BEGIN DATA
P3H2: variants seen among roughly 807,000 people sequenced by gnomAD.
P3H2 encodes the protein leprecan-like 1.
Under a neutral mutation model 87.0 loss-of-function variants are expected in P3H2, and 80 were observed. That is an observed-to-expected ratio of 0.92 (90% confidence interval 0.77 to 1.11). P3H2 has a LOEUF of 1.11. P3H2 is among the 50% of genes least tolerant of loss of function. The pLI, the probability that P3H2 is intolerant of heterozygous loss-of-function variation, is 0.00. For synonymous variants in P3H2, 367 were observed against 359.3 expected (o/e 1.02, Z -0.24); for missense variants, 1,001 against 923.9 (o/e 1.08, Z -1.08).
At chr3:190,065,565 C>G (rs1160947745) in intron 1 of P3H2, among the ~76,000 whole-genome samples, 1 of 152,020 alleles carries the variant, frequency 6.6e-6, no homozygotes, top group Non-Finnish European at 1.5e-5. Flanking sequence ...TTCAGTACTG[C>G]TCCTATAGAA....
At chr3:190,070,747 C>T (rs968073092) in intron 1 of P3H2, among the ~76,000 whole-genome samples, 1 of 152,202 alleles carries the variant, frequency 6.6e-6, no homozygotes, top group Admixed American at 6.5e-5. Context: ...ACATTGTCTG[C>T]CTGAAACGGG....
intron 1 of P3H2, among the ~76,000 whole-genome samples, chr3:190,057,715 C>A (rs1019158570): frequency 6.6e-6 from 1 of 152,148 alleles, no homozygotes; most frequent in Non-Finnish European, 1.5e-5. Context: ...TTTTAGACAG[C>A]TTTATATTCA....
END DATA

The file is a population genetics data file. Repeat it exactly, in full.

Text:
P3H2: variants seen among roughly 807,000 people sequenced by gnomAD.
P3H2 encodes the protein leprecan-like 1.
Under a neutral mutation model 87.0 loss-of-function variants are expected in P3H2, and 80 were observed. That is an observed-to-expected ratio of 0.92 (90% confidence interval 0.77 to 1.11). P3H2 has a LOEUF of 1.11. P3H2 is among the 50% of genes least tolerant of loss of function. The pLI, the probability that P3H2 is intolerant of heterozygous loss-of-function variation, is 0.00. For synonymous variants in P3H2, 367 were observed against 359.3 expected (o/e 1.02, Z -0.24); for missense variants, 1,001 against 923.9 (o/e 1.08, Z -1.08).
At chr3:190,065,565 C>G (rs1160947745) in intron 1 of P3H2, among the ~76,000 whole-genome samples, 1 of 152,020 alleles carries the variant, frequency 6.6e-6, no homozygotes, top group Non-Finnish European at 1.5e-5. Flanking sequence ...TTCAGTACTG[C>G]TCCTATAGAA....
At chr3:190,070,747 C>T (rs968073092) in intron 1 of P3H2, among the ~76,000 whole-genome samples, 1 of 152,202 alleles carries the variant, frequency 6.6e-6, no homozygotes, top group Admixed American at 6.5e-5. Context: ...ACATTGTCTG[C>T]CTGAAACGGG....
intron 1 of P3H2, among the ~76,000 whole-genome samples, chr3:190,057,715 C>A (rs1019158570): frequency 6.6e-6 from 1 of 152,148 alleles, no homozygotes; most frequent in Non-Finnish European, 1.5e-5. Context: ...TTTTAGACAG[C>A]TTTATATTCA....